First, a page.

Maybe between the cushions of the sofa in the entertainment room or under the front seat of the SUV (Might even find that $150 cell phone that’s gone missing). Maybe cut back on some expenses, like one less teaspoon of toppings on the frozen yogurt or maybe one day a week get a double latte instead of a grande frappuccino.
It would be tough, I know. So tough that I doubt two-thirds of Paso Robles voters would approve. And I’m willing to put big money where my mouth is. Dirkx, I’ll bet you the parcel tax loses. I’ll give you 2 to 1 odds and I’ll bet you a quarter.
No offshore drilling
I hope we won’t forget that short-term fixes for the state’s fiscal ineptitude are not best served by granting more offshore oil drilling leases. The fiasco in the Gulf of Mexico should be a reality check.
Let’s keep our beautiful coast. We don’t want to look back and say, “Wow, why did we ever allow that to happen here, again!”
To the governor of the state of Arizona: I am writing this letter concerning the recent passage of the anti-immigrant law. I was born in Alhambra, California, and have lived some 60 years in San Luis Obispo, California, so I am a legal citizen of the United States.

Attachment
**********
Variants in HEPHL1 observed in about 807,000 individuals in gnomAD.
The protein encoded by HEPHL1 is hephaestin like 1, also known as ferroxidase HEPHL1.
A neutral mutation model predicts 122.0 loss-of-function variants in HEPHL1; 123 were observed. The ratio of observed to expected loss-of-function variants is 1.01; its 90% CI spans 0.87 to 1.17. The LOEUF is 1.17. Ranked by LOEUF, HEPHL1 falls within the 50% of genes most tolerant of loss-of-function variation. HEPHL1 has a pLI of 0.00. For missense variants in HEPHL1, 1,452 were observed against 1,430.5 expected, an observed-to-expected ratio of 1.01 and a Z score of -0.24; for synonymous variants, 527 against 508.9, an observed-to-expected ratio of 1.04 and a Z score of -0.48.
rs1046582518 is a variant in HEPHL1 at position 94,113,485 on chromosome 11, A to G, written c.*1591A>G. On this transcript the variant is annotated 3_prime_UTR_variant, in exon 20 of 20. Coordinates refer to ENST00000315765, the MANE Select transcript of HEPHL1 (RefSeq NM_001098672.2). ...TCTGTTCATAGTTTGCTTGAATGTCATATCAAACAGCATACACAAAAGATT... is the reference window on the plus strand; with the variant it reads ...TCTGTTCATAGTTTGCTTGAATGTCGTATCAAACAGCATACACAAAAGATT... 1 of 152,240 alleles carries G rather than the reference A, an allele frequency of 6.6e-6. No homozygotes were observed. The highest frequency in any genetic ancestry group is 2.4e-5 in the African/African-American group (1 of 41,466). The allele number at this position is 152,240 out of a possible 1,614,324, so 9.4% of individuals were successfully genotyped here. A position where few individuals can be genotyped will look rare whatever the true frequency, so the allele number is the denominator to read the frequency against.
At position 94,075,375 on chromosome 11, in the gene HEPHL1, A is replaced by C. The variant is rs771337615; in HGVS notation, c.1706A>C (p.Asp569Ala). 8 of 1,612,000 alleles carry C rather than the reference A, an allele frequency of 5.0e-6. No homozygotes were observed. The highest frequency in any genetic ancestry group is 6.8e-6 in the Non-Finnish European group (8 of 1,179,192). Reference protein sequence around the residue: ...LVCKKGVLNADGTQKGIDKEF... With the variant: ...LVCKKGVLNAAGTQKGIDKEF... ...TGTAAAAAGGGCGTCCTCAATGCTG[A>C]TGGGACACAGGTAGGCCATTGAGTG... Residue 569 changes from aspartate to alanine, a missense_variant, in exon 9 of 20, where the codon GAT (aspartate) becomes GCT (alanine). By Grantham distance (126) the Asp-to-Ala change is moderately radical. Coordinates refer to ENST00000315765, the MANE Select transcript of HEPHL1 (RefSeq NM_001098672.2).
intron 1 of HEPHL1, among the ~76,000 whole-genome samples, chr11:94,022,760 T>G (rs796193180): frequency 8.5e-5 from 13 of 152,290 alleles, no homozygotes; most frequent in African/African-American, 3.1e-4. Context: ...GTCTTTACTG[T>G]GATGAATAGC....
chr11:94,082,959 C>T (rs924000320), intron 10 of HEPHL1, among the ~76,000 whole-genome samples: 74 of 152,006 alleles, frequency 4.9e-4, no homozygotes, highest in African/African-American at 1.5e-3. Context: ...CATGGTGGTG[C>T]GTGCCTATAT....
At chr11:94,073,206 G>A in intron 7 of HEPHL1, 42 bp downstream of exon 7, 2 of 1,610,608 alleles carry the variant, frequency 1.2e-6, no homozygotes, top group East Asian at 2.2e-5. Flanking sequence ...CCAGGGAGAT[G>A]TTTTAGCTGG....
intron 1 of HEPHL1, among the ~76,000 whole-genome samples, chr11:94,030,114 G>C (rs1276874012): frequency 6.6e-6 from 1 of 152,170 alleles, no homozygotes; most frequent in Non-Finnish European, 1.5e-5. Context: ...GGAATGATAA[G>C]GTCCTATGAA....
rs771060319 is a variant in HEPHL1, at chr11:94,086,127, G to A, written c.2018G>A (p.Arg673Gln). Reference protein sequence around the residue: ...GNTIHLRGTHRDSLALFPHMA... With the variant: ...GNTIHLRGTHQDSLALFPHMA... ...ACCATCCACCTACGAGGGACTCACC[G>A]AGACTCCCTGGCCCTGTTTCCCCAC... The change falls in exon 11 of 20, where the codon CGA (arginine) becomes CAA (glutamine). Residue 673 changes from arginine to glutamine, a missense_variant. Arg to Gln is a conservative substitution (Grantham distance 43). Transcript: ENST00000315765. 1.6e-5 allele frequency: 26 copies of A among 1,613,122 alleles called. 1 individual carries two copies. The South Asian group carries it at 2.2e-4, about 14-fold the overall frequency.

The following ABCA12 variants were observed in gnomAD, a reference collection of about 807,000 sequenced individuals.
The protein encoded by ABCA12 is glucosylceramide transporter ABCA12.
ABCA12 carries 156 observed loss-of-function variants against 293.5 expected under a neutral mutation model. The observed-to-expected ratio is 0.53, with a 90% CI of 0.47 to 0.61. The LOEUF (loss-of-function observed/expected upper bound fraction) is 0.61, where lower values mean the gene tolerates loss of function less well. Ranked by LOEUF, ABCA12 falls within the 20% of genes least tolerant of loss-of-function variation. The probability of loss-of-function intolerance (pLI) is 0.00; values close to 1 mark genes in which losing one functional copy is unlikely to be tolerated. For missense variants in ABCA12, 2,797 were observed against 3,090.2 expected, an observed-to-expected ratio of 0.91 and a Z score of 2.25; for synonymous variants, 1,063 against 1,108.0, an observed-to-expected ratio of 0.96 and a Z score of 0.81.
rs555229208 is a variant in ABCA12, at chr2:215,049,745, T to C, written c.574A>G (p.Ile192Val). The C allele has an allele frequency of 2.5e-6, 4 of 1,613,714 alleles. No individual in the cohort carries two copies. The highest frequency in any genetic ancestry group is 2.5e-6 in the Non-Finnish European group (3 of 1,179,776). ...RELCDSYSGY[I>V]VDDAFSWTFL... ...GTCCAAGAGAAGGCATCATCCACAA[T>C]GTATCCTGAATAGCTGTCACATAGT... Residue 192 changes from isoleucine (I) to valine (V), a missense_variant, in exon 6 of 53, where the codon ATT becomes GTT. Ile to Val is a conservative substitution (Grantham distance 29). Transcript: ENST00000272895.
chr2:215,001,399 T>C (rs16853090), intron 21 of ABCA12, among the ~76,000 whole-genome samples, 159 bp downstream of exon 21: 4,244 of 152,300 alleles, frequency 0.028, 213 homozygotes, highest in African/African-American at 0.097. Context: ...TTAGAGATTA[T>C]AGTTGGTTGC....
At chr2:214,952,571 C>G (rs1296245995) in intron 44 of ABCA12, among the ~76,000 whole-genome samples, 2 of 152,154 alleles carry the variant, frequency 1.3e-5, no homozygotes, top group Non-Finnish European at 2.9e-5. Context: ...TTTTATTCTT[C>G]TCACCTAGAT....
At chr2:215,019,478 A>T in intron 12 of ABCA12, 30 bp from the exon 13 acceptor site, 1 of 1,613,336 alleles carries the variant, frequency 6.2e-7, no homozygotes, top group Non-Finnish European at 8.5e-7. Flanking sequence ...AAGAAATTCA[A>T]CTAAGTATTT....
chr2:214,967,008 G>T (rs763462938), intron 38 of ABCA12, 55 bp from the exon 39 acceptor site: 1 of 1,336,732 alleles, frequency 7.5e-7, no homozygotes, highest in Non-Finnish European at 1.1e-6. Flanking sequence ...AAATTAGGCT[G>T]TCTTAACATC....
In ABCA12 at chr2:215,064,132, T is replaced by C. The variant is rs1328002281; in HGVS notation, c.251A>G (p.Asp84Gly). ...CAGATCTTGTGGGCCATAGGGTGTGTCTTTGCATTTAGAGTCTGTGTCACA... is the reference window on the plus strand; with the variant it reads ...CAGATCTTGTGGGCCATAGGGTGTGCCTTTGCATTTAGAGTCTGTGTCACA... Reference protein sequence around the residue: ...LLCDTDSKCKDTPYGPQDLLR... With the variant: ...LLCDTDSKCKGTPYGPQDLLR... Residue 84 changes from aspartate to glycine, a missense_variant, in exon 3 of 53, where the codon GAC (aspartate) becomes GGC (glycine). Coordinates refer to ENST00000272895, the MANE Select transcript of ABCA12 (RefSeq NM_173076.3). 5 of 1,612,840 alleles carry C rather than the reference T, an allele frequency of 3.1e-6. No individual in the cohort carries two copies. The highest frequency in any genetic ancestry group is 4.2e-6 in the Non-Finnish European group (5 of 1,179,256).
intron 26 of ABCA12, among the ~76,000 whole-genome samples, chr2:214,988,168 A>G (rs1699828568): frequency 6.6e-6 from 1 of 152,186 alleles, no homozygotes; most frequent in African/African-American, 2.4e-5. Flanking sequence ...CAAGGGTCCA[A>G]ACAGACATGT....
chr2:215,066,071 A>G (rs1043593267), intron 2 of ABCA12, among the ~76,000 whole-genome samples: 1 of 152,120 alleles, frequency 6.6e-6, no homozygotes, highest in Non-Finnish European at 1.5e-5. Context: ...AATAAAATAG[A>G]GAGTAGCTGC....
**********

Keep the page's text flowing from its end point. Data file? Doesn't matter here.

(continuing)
My mother was of English descent, and my father was of Spanish descent. Consequently, I have inherited the traits of someone of Latin descent. When the sun is out, my skin easily turns dark.
I was planning a trip to your state in the near future, but I am afraid of what might happen if I am stopped by your police force. Will I get hassled or even arrested if I don’t have documentation? So the question is: do I need a passport to visit Arizona?
San Luis Obispo
It would only be fair for a property seller in Nipomo to be required to disclose the potential health hazards caused by blowing fine sand from the beach aggravated by off-road vehicles.
Silicosis and other lung diseases are serious conditions. I moved here nine years ago and had I been informed of this health danger, I would have settled elsewhere.